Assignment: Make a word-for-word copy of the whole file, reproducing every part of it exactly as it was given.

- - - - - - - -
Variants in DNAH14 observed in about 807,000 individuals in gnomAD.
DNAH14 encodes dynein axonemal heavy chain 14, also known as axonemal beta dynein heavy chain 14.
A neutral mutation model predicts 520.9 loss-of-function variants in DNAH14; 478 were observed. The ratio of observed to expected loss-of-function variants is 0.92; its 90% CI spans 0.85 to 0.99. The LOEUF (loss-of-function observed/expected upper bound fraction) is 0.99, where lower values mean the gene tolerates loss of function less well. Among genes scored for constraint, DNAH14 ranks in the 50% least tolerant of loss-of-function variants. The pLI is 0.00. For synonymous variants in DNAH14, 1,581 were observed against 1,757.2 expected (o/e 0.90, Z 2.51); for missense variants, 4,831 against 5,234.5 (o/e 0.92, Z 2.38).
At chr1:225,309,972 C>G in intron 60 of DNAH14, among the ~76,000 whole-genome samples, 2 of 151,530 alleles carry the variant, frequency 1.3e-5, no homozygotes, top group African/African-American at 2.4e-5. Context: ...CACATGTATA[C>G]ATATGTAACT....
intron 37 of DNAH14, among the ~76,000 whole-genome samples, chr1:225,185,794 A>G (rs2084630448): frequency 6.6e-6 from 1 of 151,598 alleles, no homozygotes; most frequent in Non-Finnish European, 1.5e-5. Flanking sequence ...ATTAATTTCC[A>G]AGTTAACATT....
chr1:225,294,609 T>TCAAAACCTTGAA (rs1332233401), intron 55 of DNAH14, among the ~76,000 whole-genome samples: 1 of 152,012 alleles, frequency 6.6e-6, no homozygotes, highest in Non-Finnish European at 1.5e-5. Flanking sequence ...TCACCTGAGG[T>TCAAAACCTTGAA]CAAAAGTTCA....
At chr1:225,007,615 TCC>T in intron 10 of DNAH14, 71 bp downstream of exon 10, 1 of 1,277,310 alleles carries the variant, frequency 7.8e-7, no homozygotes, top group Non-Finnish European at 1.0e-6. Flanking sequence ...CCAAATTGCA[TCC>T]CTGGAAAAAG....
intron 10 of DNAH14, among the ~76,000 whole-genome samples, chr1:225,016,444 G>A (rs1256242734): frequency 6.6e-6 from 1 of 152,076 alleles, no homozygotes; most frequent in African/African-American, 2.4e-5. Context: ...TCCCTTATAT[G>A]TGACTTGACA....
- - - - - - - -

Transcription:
Variants in DNAH14 observed in about 807,000 individuals in gnomAD.
DNAH14 encodes dynein axonemal heavy chain 14, also known as axonemal beta dynein heavy chain 14.
A neutral mutation model predicts 520.9 loss-of-function variants in DNAH14; 478 were observed. The ratio of observed to expected loss-of-function variants is 0.92; its 90% CI spans 0.85 to 0.99. The LOEUF (loss-of-function observed/expected upper bound fraction) is 0.99, where lower values mean the gene tolerates loss of function less well. Among genes scored for constraint, DNAH14 ranks in the 50% least tolerant of loss-of-function variants. The pLI is 0.00. For synonymous variants in DNAH14, 1,581 were observed against 1,757.2 expected (o/e 0.90, Z 2.51); for missense variants, 4,831 against 5,234.5 (o/e 0.92, Z 2.38).
At chr1:225,309,972 C>G in intron 60 of DNAH14, among the ~76,000 whole-genome samples, 2 of 151,530 alleles carry the variant, frequency 1.3e-5, no homozygotes, top group African/African-American at 2.4e-5. Context: ...CACATGTATA[C>G]ATATGTAACT....
intron 37 of DNAH14, among the ~76,000 whole-genome samples, chr1:225,185,794 A>G (rs2084630448): frequency 6.6e-6 from 1 of 151,598 alleles, no homozygotes; most frequent in Non-Finnish European, 1.5e-5. Flanking sequence ...ATTAATTTCC[A>G]AGTTAACATT....
chr1:225,294,609 T>TCAAAACCTTGAA (rs1332233401), intron 55 of DNAH14, among the ~76,000 whole-genome samples: 1 of 152,012 alleles, frequency 6.6e-6, no homozygotes, highest in Non-Finnish European at 1.5e-5. Flanking sequence ...TCACCTGAGG[T>TCAAAACCTTGAA]CAAAAGTTCA....
At chr1:225,007,615 TCC>T in intron 10 of DNAH14, 71 bp downstream of exon 10, 1 of 1,277,310 alleles carries the variant, frequency 7.8e-7, no homozygotes, top group Non-Finnish European at 1.0e-6. Flanking sequence ...CCAAATTGCA[TCC>T]CTGGAAAAAG....
intron 10 of DNAH14, among the ~76,000 whole-genome samples, chr1:225,016,444 G>A (rs1256242734): frequency 6.6e-6 from 1 of 152,076 alleles, no homozygotes; most frequent in African/African-American, 2.4e-5. Context: ...TCCCTTATAT[G>A]TGACTTGACA....